All right, Ally. Let me just clarify very quickly last things first. CELLECTRA 5PSP currently is being tested without any delay in Reveal 1 and Reveal 2 trials. And prior to starting those phase three trials, the FDA asked for additional testing. So prior to the start, we had a slight delay of about six months. That CELLECTRA 5PSP is currently operating extremely well in the field in the trials, which is a complete different device than our nearly engineered and scaling commercial level vaccine delivery device. We call that CELLECTRA 3PSP. And I'm sure everyone has seen the announcement this morning that Bill and Melinda Gates Foundation has generously supported and they have been a very strong supporter of Inovio for many of our R&D programs in the past for accelerating the scaling up and finalizing the testing for CELLECTRA 3PSP. This funding is going to go a long way in making that happen. We also had $8.1 million funding just for this device about a year ago and that had us start that development. This additional funding is going to help us accelerate the completion of the testing as well as setting up the automated manufacturing lines in anticipation of delivering multi-million doses of INO-4800 in the coming years. One million doses can be delivered utilizing our current pilot device. But for planning for 50 million doses or 500 million doses, some of the public health experts are forecasting that will require a massively manufacturable device which CELLECTRA 3PSP represents and the cost effective arrays, the disposables that we have engineered in to CELLECTRA 3PSP.

So we're quite happy and grateful for the Gates Foundation funding. But also we're happy to tackle this challenge of scaling up. And I believe you should be hearing more about these type of efforts that we're putting in with lot of directed external funding from various sources. We're very happy and grateful to CEPI and the Gates Foundation, but we expect this coalition of funders will continue to grow in the coming weeks and months.

Allison Marie Bratzel -- Piper Sandler & Co. -- Analyst

Okay. Thanks for that clarification. Thanks guys.

J. Joseph Kim -- President, Chief Executive Officer, Director

Yeah. Thank you.

Operator

The next question comes from Stephen Willey from Stifel. Please go ahead.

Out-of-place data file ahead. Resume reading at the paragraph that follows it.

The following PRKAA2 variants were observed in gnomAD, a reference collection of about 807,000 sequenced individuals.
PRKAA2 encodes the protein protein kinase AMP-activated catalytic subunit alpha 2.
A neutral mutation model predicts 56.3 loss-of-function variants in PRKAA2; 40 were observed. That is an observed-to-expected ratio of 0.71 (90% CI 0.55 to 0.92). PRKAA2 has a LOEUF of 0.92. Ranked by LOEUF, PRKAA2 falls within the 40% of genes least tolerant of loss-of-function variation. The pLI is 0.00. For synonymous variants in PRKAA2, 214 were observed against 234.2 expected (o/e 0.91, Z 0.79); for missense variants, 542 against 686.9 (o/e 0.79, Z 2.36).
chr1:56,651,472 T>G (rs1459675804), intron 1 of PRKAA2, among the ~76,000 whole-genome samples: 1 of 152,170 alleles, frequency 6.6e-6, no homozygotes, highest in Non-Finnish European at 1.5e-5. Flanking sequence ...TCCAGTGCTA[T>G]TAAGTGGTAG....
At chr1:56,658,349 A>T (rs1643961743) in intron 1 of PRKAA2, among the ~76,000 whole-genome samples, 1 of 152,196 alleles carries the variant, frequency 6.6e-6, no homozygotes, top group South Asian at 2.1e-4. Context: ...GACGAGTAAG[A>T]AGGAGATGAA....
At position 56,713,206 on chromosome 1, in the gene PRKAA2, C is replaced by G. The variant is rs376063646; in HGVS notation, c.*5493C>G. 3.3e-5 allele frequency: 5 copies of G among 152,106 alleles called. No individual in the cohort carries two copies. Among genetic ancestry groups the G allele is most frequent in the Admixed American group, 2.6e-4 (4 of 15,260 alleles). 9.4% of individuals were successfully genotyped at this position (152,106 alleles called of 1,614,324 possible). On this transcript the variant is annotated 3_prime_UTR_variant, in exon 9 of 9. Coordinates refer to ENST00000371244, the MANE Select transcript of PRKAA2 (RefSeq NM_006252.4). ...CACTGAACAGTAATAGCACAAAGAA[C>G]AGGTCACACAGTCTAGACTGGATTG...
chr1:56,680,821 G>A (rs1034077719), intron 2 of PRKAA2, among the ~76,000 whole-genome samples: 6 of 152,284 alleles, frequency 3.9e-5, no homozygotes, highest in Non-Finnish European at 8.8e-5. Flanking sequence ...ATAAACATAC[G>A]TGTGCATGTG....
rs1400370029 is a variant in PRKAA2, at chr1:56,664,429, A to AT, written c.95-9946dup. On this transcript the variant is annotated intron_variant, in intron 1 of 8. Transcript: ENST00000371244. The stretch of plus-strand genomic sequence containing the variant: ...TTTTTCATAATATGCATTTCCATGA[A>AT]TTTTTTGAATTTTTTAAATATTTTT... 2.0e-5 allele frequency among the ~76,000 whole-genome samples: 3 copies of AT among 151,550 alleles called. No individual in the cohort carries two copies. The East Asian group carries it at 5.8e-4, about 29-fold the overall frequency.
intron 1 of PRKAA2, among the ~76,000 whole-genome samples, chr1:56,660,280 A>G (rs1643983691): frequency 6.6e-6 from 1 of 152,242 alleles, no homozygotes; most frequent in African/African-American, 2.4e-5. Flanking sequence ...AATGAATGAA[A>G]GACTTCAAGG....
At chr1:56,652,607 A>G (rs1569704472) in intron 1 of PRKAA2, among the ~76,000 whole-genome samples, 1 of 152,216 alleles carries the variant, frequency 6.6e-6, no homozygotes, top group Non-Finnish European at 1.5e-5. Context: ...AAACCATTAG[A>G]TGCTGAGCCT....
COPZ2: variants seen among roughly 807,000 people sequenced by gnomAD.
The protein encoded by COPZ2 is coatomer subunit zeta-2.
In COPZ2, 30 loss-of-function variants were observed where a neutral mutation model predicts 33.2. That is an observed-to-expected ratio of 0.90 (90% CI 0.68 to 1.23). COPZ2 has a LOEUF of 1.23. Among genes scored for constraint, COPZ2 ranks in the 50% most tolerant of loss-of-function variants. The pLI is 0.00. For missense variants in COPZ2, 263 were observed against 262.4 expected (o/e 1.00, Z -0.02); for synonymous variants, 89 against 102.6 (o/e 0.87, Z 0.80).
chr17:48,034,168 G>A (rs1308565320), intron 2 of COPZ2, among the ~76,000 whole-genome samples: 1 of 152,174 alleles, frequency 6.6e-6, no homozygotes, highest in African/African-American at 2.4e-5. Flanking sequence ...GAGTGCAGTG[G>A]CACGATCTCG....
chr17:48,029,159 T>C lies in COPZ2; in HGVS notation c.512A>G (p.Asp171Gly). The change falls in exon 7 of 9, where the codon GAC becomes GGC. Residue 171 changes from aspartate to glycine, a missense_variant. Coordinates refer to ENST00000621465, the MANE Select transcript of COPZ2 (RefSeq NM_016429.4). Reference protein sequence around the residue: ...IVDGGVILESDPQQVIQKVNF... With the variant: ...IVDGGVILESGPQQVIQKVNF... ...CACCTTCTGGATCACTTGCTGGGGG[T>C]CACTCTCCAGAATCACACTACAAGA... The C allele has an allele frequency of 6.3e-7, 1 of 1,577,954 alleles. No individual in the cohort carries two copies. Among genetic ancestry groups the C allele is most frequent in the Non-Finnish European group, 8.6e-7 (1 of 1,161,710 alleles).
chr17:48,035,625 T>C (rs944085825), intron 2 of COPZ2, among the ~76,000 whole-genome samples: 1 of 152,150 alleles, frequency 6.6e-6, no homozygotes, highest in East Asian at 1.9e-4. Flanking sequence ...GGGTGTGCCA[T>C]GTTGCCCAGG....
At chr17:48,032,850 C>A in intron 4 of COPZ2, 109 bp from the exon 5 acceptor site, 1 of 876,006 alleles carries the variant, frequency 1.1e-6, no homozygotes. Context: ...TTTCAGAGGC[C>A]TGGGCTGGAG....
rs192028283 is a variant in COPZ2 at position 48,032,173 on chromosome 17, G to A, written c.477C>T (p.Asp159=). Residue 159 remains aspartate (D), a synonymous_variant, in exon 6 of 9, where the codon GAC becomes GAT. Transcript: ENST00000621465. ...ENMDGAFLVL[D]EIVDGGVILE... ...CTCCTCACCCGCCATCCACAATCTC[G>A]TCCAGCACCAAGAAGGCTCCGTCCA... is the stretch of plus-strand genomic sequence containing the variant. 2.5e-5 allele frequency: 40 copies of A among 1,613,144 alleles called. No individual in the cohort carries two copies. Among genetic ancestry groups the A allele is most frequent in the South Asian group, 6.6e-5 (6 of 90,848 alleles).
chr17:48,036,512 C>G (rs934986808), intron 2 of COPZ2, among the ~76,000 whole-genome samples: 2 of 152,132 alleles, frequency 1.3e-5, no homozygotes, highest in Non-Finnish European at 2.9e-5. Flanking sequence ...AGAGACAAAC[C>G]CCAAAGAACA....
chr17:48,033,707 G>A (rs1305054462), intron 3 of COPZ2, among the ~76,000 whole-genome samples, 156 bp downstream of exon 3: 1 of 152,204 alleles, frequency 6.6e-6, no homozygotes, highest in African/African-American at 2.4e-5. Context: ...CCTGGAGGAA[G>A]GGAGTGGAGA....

Stephen Douglas Willey -- Stifel, Nicolaus & Company, Incorporated -- Analyst

Yeah. Good afternoon. Thanks for taking the questions. A couple from me. I guess, first just regarding the 3100 update in the other anogenital HPV types. Can you just frame up I guess what we should be expecting in terms of just the magnitude of patient data that we'll be seeing from each subgroup? And maybe just give us a little bit of a framework for some of the historical outcomes data that you would expect to see in this setting?

J. Joseph Kim -- President, Chief Executive Officer, Director

Yeah. So vulvar, and anal HSIL are orphan disease. So the number of prevalence and incidence are not as high as the cervical pre-cancer that we're addressing with VGX-3100 in the Phase 3 REVEAL 1 and 2 testing. As you know, we are conducting two small Phase 2 trials for each of the indications anal and vulvar HSIL. While the indications have similar name, these two diseases are very distinct and we have enrolled 24 anal HSIL patients in this very targeted trial, as well as enrolling 33 vulvar HSIL patients in a separate trial. At the conference end of this month, maybe in a electronic virtual form, we plan to present at least 50% of these population. What we're looking for are the regression of vulvar or anal HSIL down to low grade or full clearance, as well as the impact on HPV 16 or 18 viral infection. So in that regard, the settings are and the approach are similar to our cervical HSIL Phase 2 and Phase 3 studies. We're very hopeful to see and present positive response and regressing HPV 16 or 18 specific HSIL and vulvar and anal setting.

Stephen Douglas Willey -- Stifel, Nicolaus & Company, Incorporated -- Analyst

Okay. That's helpful. And then I guess one on COVID. So I think the MERS vaccine that you guys have in Phase 2 is currently on a three dose schedule, which I think requires patient visits and I think it's zero, four and 12 weeks. Just kind of curious if you know now I guess based on some of your preclinical data whether or not you would expect a similar dosing schedule with COVID? And I guess maybe if you can just talk a little bit about how you envision kind of a protracted three dose regimen kind of playing out from a mass deployment type of perspective?

J. Joseph Kim -- President, Chief Executive Officer, Director